[Show abstract][Hide abstract] ABSTRACT: A quasi-experimental study was conducted to explore the effectiveness of fall prevention among hospital patients based on the modified fall risk factors assessment tool. We investigated the frequency of falls among hospital patients at a medical center in Taiwan. The experimental group of falls victims was selected from patients (n = 39) hospitalized in 2002 after falls. The control group of patients falls was selected by means of a retrospective incident report review which identified patients (n = 43) hospitalized one year earlier. The results showed that there was no significant difference in the incidence of falls between the two groups. Nevertheless, there were significant differences in age, indications of falls, use of sedatives, walking ability and evaluated grade of fall risk factors. In addition, the average level of satisfaction under recently modified fall risk factors evaluation guideline was 2.68 points (upper limit = 4 points) based upon investigation derived from nursing staff ' s opinions. Moreover, nursing staff from GYN/OBS and orthopedics departments acknowledged the enhanced effectiveness of these new guidelines. The screening rate for high-risk orthopedic patients was increased from 20.7 % to 41.9 %. Furthermore, the screening rate among the experimental group (74.4 % ) was also higher than that among the control group (60.5 % ) ( p <.01). In line with our effective tool to screen high-risk patients, we also added the concept of continuous quality improvement in nursing care to implement a fall prevention program to reduce unnecessary injury. This strategy may assist nursing personnel in providing immediate and individualized care as well as health education for high-risk patients. It may also cause the incidence of patient falls in hospitals to continue to decline.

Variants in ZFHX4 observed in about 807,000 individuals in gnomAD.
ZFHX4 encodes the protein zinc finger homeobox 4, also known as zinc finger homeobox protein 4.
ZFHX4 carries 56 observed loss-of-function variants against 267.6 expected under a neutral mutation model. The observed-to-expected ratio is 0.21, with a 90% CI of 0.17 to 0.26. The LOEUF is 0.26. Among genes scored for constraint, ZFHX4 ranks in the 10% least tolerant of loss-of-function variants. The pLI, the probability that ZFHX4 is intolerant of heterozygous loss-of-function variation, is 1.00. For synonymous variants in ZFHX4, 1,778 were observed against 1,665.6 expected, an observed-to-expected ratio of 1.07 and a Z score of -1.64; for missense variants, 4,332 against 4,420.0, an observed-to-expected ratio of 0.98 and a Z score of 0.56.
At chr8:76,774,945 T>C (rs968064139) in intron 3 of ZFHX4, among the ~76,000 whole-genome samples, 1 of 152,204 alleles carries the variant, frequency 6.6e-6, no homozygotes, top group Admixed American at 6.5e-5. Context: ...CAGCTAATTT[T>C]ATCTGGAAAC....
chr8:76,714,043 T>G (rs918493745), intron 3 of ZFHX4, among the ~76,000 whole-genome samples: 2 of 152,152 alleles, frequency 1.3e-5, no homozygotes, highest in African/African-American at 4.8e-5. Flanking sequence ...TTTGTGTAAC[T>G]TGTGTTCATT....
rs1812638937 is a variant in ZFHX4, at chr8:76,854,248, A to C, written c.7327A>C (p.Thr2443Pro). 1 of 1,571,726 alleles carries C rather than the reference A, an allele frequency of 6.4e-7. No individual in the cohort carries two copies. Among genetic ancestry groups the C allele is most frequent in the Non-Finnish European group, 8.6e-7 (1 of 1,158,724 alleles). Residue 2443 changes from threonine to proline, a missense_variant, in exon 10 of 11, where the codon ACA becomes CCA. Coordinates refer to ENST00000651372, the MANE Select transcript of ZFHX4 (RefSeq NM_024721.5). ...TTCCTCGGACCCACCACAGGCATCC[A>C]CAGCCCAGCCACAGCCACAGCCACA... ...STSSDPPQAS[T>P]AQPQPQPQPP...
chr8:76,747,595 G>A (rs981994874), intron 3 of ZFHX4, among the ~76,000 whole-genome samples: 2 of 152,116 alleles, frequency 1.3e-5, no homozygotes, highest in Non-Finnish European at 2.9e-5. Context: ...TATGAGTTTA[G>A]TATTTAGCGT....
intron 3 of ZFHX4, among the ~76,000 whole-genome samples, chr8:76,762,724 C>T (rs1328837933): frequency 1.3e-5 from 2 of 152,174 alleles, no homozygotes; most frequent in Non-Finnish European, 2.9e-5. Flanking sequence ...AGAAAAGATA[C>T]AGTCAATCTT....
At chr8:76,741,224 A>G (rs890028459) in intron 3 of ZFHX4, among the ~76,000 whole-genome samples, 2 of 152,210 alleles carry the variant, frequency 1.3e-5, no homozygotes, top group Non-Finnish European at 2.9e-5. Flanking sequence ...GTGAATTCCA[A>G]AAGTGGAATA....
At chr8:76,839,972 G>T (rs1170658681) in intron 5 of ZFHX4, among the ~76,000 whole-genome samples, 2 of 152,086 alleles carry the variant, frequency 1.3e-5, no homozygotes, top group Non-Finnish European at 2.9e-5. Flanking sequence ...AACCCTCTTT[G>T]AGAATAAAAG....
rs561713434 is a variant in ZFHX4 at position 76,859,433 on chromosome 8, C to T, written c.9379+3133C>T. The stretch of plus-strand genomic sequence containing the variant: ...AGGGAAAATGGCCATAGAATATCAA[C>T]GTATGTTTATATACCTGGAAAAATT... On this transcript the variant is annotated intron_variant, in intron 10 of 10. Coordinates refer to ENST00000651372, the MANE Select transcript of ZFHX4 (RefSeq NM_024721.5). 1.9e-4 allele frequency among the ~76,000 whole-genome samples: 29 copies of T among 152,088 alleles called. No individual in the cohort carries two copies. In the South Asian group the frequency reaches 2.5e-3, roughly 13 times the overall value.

No preview · Article · Oct 2004 · The journal of nursing research: JNR